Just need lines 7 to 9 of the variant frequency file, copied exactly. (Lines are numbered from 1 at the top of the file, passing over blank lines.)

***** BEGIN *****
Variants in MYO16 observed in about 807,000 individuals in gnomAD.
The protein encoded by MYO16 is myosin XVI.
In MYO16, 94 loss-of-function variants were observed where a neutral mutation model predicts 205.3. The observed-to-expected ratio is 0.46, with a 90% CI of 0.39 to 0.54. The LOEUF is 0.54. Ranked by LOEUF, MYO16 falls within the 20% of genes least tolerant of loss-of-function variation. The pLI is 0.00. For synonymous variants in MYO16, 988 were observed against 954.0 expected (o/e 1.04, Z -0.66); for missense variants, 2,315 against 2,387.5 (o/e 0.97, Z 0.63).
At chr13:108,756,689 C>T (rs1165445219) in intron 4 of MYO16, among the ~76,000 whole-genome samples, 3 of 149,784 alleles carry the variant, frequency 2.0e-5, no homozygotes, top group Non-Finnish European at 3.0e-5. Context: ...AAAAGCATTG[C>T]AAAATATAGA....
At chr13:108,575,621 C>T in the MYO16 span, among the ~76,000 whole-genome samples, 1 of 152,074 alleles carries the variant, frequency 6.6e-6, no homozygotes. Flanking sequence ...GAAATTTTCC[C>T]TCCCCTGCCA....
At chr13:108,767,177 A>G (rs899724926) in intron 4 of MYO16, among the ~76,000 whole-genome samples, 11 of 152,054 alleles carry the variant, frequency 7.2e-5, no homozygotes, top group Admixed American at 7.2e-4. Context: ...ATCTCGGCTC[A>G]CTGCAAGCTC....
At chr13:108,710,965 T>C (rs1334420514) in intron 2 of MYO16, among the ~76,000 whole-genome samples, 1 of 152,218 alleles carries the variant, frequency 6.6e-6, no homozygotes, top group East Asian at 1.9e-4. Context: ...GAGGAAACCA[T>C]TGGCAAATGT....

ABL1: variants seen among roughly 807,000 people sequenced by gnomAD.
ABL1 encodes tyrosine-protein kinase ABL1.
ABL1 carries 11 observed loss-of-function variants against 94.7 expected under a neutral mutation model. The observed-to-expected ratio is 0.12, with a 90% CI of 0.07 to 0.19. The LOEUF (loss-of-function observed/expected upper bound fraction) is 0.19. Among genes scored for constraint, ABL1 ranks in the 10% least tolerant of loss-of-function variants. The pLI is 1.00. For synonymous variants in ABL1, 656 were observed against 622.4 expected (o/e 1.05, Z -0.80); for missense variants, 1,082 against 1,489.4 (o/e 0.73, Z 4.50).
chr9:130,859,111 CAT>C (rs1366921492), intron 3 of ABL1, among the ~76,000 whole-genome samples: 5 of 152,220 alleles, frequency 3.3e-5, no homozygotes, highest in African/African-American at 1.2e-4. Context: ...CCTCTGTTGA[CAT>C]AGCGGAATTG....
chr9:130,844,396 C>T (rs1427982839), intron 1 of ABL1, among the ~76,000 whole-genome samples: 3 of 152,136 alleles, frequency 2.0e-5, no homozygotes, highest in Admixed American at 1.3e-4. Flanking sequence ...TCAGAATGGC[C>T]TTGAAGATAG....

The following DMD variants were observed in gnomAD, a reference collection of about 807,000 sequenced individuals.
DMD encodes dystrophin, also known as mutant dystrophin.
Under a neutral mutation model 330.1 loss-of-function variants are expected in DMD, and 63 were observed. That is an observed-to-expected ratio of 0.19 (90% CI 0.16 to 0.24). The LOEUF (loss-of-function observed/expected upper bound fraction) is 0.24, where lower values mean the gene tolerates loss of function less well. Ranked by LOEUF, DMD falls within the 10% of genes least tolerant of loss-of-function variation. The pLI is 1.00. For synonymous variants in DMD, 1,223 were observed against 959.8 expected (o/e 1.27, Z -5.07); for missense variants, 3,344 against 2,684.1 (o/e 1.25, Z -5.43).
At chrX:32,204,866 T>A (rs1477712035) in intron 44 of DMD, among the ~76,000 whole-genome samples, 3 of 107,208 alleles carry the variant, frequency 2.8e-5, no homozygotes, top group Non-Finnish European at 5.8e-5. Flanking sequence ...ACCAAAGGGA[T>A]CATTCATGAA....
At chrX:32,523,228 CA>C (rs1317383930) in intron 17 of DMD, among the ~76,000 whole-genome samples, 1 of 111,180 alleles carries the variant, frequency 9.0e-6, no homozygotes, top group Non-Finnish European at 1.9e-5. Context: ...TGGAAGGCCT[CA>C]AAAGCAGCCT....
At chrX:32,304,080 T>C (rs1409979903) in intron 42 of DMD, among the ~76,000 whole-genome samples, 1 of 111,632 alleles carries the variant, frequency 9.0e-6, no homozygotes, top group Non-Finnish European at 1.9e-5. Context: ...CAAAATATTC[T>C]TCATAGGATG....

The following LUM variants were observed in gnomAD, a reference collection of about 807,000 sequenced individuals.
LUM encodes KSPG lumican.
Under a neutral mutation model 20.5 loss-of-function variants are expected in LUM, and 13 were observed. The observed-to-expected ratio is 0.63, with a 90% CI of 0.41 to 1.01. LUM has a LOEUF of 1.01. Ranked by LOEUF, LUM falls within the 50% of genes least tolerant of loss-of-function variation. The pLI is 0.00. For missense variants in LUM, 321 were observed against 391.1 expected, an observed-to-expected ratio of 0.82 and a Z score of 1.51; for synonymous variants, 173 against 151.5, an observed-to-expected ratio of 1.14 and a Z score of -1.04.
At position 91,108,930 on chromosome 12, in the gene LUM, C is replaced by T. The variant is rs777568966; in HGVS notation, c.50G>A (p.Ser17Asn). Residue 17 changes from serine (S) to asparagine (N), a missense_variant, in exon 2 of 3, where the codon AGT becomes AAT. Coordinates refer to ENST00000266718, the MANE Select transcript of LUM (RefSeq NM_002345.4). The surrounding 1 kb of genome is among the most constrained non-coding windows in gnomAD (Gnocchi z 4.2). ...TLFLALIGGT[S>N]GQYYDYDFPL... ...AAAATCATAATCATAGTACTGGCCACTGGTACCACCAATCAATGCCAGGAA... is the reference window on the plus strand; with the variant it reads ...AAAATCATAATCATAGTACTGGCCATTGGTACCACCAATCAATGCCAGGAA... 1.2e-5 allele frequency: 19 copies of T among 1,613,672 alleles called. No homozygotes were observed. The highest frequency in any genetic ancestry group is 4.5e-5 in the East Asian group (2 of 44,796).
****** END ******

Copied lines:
At chr13:108,710,965 T>C (rs1334420514) in intron 2 of MYO16, among the ~76,000 whole-genome samples, 1 of 152,218 alleles carries the variant, frequency 6.6e-6, no homozygotes, top group East Asian at 1.9e-4. Context: ...GAGGAAACCA[T>C]TGGCAAATGT....

ABL1: variants seen among roughly 807,000 people sequenced by gnomAD.
ABL1 encodes tyrosine-protein kinase ABL1.